Verse 3

1 Corinthians 8:3 is one of Paul’s John-like sayings. In the apodosis he substitutes, by an adroit turn, “is known ( ἔγνωσται: pf. pass(1228) of abiding effect upon the obj(1229)) by God” for “hath come to know God,” the expected consequence—see the like correction in Galatians 4:9; cf. Philippians 2:12 f., 1 Corinthians 3:12; John 15:16; 1 John 4:10. Paul would ascribe nothing to human acquisition; religion is a bestowment, not an achievement; our love or knowledge is the reflex of the divine love and knowledge directed toward us. Philo, quoted by Ed(1230), has the same thought: γνωριζόμεθα μᾶλλον γνωρίζομεν (De Cherub., § 32).— οὗτος ἔγνωσται ὐπʼ αὐτοῦ (sc. τοῦ θεοῦ), “he (and not the other) is known by Him”. Ev(1231) reverses the ref(1232) of the prons.: “He (God) hath been known by him (the man loving Him)”—an unlikely use of οὗτος.


Verse 4

1 Corinthians 8:4. After his thrust at Cor(1233) γνῶσις, P. resumes, with οὖν (cf. 1 Corinthians 11:17-20), from 1 Corinthians 8:1 the question “About the eating of idolothyta,” repeating the “we know” at which he had interrupted his correspondents. For οἴδαμεν in a confessio fidei, cf. 1 John 5:18 ff. That the theological statement given in 1 Corinthians 8:4 ff. comes from the mouth of the Corinthians seems probable from the following considerations: (a) the repeated οἴδαμεν (h.l. in this Ep.; cf. the frequent interrog. οὐκ οἴδατε; of chh. 3, 5, 6; also 1 Corinthians 12:2), by which P. associates himself with the readers, who are men of knowledge (1 Corinthians 1:5, 1 Corinthians 10:15, etc.); (b) the solemn rhythm of 1 Corinthians 8:4 b and 1 Corinthians 8:6, resembling a confessional formula (cf. Ephesians 4:4 ff., 1 Timothy 3:16)


Verse 5

(1241) Corinth, Corinthian or Corinthians.


Verse 6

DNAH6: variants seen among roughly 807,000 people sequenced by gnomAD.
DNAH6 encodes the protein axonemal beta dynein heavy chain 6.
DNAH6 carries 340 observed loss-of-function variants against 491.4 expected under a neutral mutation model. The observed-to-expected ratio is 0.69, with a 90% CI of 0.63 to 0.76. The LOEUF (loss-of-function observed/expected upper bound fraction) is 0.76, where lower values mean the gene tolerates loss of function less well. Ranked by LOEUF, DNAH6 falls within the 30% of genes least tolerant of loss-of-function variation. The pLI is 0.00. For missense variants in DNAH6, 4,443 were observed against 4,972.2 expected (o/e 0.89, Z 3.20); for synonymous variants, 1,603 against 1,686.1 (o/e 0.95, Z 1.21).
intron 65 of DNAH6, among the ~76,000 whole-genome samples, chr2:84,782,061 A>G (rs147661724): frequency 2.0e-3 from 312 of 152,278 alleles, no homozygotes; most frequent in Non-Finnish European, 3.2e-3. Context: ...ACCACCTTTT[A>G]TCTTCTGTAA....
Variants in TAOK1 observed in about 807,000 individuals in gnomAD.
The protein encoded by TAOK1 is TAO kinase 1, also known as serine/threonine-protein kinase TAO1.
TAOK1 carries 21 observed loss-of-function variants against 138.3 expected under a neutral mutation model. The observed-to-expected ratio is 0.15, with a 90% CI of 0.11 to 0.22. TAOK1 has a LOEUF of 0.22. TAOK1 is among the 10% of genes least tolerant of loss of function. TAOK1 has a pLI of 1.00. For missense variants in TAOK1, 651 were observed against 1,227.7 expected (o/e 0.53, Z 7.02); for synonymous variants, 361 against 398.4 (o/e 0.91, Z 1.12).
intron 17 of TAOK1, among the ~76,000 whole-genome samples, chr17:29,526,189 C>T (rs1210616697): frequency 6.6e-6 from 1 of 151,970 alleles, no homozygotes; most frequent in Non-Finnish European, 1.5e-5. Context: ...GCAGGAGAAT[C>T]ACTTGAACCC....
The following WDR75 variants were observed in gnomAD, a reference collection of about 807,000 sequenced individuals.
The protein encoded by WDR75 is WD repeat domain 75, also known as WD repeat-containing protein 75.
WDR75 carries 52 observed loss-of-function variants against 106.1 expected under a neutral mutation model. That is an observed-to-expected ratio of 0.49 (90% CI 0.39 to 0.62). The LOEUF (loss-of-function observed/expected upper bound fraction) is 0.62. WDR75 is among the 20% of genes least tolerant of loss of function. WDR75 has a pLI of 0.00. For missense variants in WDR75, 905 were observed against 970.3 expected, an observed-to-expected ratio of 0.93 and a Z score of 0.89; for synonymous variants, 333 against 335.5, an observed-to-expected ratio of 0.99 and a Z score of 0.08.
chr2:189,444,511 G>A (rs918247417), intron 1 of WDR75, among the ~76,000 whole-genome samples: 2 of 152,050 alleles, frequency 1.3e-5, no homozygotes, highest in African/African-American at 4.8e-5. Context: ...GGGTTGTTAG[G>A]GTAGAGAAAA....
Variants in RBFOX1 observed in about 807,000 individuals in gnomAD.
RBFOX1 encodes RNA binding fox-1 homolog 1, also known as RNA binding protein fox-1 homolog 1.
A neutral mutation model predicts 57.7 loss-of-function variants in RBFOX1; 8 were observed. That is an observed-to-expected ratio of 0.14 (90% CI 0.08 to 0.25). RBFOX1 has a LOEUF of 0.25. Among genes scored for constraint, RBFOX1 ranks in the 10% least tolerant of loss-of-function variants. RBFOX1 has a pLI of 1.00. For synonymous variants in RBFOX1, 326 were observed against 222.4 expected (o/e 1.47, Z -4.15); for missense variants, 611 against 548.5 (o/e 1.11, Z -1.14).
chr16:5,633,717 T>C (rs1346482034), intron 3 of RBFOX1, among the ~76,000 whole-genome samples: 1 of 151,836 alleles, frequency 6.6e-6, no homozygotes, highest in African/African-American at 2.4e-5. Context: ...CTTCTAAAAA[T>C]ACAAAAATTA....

1 Corinthians 8:6 affirms in positive Christian terms, as 1 Corinthians 8:4 b stated negatively and retrospectively, the creed of the Cor(1249) believers. The “one God” of O.T. monotheism is “to us one God the Father”. “Of whom are all things, and we for Him:” the universe issues from God, and “we,” His sons in Christ, are destined therein for His use and glory—He would reap in “us” His glory, as a father in the children of his house; see, on this latter purpose, Ephesians 1:5; Ephesians 1:10 ff., Ephesians 1:18 b, 1 Corinthians 3:9 ff.; also 1 Peter 2:9, James 1:18, John 17:9 f., etc.; cf. Aug(1250), “Fecisti nos ad Te”. In the emphatic ἡμεῖς εἰς αὐτὸν there speaks the joyful consciousness of Gentiles called to know and serve the true God; cf. 1 Corinthians 12:2 f., Ephesians 2:11 ff.—The “one Lord Jesus Christ” is Mediator, as in 1 Timothy 2:5—“through whom are all things, and we through Him”; again ἡμεῖς stands out with high distinction from the dim background of τὰ πάντα. The contrasted ἐξ οὗ, εἰς αὐτὸν of the previous clause is replaced by the doubled διὰ of this: God is the source of all nature, but the end specifically of redeemed humanity; Christ is equally the Mediator—and in this capacity the Lord (1 Corinthians 15:24-28)—of nature and of men. The universe is of God through Christ (Hebrews 1:2, John 1:3): we are for God through Christ (2 Corinthians 5:18, Ephesians 1:5, etc.). Colossians 1:15 ff. unfolds this doctrine of the double Lordship of Christ, basing His redemptional upon His creational headship.—It is an exegetical violence to limit the second τὰ πάντα, as Grotius and Baur have done, to “the ethical new creation”; in 2 Corinthians 5:18 the context gives this limitation, which in our passage it excludes. The inferior reading διʼ ὅν (for οὗ: see txtl. note), “because of whom are all things,” would consist with a lower doctrine of Christ’s Person, representing Him as preconceived object, while with διʼ οὗ He is pre-existent medium of creation. The full Christology of the 3rd group of the Epp. is latent here. The faith which refers all things to the one God our Father as their spring, and subordinates all things to the one Lord our Redeemer, leaves no smallest spot in the universe for other deities; intelligent Christians justly inferred that the material of the idolothyta was unaffected by the hollow rites of heathen sacrifice.